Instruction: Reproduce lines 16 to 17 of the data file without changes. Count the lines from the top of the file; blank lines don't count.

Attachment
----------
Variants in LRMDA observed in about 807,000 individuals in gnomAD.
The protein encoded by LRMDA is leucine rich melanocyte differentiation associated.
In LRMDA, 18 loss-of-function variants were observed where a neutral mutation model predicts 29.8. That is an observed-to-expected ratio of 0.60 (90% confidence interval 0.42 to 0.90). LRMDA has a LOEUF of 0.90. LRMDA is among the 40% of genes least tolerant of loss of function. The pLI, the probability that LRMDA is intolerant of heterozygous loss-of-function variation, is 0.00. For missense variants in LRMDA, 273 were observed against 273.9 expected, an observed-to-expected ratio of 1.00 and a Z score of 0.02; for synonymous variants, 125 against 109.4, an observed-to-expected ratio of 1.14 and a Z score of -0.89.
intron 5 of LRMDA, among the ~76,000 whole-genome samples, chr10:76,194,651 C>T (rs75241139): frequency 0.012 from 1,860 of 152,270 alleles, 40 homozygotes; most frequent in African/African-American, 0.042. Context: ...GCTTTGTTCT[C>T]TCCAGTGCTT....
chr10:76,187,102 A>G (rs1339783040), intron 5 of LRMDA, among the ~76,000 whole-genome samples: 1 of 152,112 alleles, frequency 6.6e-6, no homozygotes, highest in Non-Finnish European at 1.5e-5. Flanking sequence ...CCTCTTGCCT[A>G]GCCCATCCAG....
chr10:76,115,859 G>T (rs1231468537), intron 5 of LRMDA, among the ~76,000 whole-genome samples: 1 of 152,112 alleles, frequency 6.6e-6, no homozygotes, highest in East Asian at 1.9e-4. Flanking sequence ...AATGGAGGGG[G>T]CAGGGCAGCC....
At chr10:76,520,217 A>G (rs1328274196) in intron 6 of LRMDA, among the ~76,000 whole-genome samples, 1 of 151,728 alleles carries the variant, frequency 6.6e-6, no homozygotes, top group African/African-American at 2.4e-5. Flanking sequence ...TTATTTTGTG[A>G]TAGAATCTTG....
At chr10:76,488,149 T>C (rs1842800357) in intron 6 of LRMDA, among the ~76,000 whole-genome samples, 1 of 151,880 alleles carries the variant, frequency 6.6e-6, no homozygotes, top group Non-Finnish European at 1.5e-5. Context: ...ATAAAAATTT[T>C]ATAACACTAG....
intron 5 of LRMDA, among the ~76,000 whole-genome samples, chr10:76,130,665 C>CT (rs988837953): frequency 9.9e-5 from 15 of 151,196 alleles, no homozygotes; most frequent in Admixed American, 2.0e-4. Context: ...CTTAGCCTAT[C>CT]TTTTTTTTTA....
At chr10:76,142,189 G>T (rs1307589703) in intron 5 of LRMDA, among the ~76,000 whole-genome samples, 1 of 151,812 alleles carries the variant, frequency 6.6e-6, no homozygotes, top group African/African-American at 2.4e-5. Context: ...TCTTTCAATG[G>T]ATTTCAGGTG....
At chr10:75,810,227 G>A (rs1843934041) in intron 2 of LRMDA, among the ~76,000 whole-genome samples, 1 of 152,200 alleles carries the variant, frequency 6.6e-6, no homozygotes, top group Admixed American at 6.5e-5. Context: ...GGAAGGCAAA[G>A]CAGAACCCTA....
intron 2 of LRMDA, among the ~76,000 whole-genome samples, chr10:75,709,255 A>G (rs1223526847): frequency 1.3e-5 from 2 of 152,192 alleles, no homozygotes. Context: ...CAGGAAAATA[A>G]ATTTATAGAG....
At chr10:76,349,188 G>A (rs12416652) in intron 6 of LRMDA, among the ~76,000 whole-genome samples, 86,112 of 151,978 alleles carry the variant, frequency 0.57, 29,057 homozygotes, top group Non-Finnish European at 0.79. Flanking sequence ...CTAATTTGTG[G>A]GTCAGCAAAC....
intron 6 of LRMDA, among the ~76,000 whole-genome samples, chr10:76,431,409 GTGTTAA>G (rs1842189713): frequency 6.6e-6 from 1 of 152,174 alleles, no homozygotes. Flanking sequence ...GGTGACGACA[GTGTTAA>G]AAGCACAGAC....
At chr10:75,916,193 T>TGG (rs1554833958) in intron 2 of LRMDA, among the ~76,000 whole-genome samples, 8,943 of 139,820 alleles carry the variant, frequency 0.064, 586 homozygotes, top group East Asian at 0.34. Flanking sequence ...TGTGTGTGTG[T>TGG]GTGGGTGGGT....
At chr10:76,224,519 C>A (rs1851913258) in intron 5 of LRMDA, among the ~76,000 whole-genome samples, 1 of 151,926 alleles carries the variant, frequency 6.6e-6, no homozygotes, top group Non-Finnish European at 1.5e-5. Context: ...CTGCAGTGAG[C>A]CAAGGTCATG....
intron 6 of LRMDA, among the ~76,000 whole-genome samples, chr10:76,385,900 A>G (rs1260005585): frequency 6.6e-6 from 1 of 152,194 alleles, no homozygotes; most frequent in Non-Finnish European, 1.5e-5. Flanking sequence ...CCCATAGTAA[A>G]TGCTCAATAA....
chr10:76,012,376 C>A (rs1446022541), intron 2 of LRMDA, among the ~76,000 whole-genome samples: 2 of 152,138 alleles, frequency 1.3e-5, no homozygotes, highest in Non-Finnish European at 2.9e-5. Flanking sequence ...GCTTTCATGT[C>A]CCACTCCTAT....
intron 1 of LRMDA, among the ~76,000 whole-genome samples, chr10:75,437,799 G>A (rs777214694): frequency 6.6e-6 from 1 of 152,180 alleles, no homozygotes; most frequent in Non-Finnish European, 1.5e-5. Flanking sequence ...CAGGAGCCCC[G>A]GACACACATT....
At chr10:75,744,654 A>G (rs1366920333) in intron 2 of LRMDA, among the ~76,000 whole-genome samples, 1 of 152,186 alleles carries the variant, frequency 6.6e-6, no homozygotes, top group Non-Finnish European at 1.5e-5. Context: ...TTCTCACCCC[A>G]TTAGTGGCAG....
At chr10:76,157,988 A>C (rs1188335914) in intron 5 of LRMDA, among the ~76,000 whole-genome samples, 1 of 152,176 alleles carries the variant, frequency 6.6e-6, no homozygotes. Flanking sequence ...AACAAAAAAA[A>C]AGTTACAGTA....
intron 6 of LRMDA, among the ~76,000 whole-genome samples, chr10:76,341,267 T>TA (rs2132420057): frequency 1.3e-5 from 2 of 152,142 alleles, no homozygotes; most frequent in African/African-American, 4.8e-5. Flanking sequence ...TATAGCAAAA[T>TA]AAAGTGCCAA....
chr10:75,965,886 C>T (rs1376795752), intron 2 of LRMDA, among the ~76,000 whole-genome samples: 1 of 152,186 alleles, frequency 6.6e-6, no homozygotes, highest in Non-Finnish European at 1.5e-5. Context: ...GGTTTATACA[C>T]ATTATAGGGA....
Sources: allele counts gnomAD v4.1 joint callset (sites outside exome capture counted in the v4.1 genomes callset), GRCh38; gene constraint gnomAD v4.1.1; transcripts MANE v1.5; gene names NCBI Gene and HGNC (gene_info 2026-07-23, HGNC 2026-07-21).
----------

At chr10:76,224,519 C>A (rs1851913258) in intron 5 of LRMDA, among the ~76,000 whole-genome samples, 1 of 151,926 alleles carries the variant, frequency 6.6e-6, no homozygotes, top group Non-Finnish European at 1.5e-5. Context: ...CTGCAGTGAG[C>A]CAAGGTCATG....
intron 6 of LRMDA, among the ~76,000 whole-genome samples, chr10:76,385,900 A>G (rs1260005585): frequency 6.6e-6 from 1 of 152,194 alleles, no homozygotes; most frequent in Non-Finnish European, 1.5e-5. Flanking sequence ...CCCATAGTAA[A>G]TGCTCAATAA....